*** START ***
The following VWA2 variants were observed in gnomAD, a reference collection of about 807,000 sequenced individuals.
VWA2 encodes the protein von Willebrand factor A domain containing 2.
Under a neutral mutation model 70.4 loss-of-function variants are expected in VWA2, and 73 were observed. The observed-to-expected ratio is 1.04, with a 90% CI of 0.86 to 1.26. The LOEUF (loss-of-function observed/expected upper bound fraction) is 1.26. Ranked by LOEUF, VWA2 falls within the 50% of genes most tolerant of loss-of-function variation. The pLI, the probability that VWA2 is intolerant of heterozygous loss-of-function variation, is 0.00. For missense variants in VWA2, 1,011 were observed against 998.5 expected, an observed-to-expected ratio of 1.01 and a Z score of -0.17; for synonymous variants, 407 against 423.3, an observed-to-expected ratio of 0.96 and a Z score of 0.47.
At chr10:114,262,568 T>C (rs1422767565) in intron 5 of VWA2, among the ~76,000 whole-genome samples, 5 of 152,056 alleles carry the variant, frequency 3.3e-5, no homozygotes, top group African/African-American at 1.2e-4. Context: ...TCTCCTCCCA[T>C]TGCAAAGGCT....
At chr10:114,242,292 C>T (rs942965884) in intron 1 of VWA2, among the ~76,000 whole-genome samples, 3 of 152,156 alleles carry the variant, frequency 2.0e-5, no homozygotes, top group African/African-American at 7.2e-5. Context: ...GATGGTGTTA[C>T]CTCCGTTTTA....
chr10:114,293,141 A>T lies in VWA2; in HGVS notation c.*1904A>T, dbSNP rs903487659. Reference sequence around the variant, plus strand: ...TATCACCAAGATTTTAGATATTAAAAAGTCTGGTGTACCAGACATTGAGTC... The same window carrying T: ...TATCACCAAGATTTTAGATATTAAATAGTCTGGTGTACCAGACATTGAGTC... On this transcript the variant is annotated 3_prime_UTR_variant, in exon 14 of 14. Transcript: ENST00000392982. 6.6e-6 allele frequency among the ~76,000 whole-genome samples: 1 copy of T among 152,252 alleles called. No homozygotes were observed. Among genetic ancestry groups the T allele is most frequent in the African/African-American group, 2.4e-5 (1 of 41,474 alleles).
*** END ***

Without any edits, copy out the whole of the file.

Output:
The following VWA2 variants were observed in gnomAD, a reference collection of about 807,000 sequenced individuals.
VWA2 encodes the protein von Willebrand factor A domain containing 2.
Under a neutral mutation model 70.4 loss-of-function variants are expected in VWA2, and 73 were observed. The observed-to-expected ratio is 1.04, with a 90% CI of 0.86 to 1.26. The LOEUF (loss-of-function observed/expected upper bound fraction) is 1.26. Ranked by LOEUF, VWA2 falls within the 50% of genes most tolerant of loss-of-function variation. The pLI, the probability that VWA2 is intolerant of heterozygous loss-of-function variation, is 0.00. For missense variants in VWA2, 1,011 were observed against 998.5 expected, an observed-to-expected ratio of 1.01 and a Z score of -0.17; for synonymous variants, 407 against 423.3, an observed-to-expected ratio of 0.96 and a Z score of 0.47.
At chr10:114,262,568 T>C (rs1422767565) in intron 5 of VWA2, among the ~76,000 whole-genome samples, 5 of 152,056 alleles carry the variant, frequency 3.3e-5, no homozygotes, top group African/African-American at 1.2e-4. Context: ...TCTCCTCCCA[T>C]TGCAAAGGCT....
At chr10:114,242,292 C>T (rs942965884) in intron 1 of VWA2, among the ~76,000 whole-genome samples, 3 of 152,156 alleles carry the variant, frequency 2.0e-5, no homozygotes, top group African/African-American at 7.2e-5. Context: ...GATGGTGTTA[C>T]CTCCGTTTTA....
chr10:114,293,141 A>T lies in VWA2; in HGVS notation c.*1904A>T, dbSNP rs903487659. Reference sequence around the variant, plus strand: ...TATCACCAAGATTTTAGATATTAAAAAGTCTGGTGTACCAGACATTGAGTC... The same window carrying T: ...TATCACCAAGATTTTAGATATTAAATAGTCTGGTGTACCAGACATTGAGTC... On this transcript the variant is annotated 3_prime_UTR_variant, in exon 14 of 14. Transcript: ENST00000392982. 6.6e-6 allele frequency among the ~76,000 whole-genome samples: 1 copy of T among 152,252 alleles called. No homozygotes were observed. Among genetic ancestry groups the T allele is most frequent in the African/African-American group, 2.4e-5 (1 of 41,474 alleles).